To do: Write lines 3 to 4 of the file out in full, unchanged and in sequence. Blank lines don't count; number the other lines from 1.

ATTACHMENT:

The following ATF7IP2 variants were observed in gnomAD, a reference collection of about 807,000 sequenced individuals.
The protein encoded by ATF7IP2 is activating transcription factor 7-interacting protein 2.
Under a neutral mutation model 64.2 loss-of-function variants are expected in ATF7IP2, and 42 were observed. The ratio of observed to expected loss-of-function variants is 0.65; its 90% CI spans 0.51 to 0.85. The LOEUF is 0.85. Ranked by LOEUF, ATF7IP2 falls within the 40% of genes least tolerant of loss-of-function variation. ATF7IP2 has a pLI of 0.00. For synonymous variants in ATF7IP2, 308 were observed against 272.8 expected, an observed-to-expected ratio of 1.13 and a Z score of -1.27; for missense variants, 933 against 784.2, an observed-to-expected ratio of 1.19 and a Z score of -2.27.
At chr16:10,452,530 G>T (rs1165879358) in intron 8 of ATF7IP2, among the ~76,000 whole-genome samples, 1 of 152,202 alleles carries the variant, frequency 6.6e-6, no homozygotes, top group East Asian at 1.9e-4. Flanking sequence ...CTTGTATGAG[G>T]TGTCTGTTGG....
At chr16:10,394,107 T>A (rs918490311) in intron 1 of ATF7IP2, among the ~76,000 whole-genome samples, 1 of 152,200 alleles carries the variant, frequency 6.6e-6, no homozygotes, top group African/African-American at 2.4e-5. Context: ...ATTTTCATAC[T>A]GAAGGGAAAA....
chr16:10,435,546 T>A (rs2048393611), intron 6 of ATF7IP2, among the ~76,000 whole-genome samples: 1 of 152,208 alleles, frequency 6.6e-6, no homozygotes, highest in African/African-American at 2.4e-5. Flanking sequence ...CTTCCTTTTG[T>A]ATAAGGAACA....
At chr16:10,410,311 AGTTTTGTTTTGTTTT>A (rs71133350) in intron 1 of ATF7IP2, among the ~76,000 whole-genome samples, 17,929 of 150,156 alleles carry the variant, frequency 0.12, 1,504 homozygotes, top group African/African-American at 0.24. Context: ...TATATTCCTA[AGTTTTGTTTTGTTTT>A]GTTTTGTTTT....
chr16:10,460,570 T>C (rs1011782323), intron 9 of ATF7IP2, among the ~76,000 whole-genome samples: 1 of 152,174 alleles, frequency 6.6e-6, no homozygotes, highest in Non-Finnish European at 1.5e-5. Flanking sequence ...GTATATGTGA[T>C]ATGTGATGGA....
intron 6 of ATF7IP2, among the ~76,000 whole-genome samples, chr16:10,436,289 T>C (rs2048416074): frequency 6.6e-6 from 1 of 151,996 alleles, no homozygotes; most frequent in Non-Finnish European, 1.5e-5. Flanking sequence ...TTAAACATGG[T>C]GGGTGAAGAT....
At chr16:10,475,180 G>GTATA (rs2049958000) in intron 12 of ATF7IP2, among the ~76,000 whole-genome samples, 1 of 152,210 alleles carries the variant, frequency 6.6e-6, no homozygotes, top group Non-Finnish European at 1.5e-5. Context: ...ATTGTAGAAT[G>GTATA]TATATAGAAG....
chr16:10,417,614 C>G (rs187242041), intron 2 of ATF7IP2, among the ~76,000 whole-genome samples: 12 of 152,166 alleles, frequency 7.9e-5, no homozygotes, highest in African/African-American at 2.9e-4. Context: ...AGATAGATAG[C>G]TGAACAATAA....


Under a neutral mutation model 64.2 loss-of-function variants are expected in ATF7IP2, and 42 were observed. The ratio of observed to expected loss-of-function variants is 0.65; its 90% CI spans 0.51 to 0.85. The LOEUF is 0.85. Ranked by LOEUF, ATF7IP2 falls within the 40% of genes least tolerant of loss-of-function variation. ATF7IP2 has a pLI of 0.00. For synonymous variants in ATF7IP2, 308 were observed against 272.8 expected, an observed-to-expected ratio of 1.13 and a Z score of -1.27; for missense variants, 933 against 784.2, an observed-to-expected ratio of 1.19 and a Z score of -2.27.
At chr16:10,452,530 G>T (rs1165879358) in intron 8 of ATF7IP2, among the ~76,000 whole-genome samples, 1 of 152,202 alleles carries the variant, frequency 6.6e-6, no homozygotes, top group East Asian at 1.9e-4. Flanking sequence ...CTTGTATGAG[G>T]TGTCTGTTGG....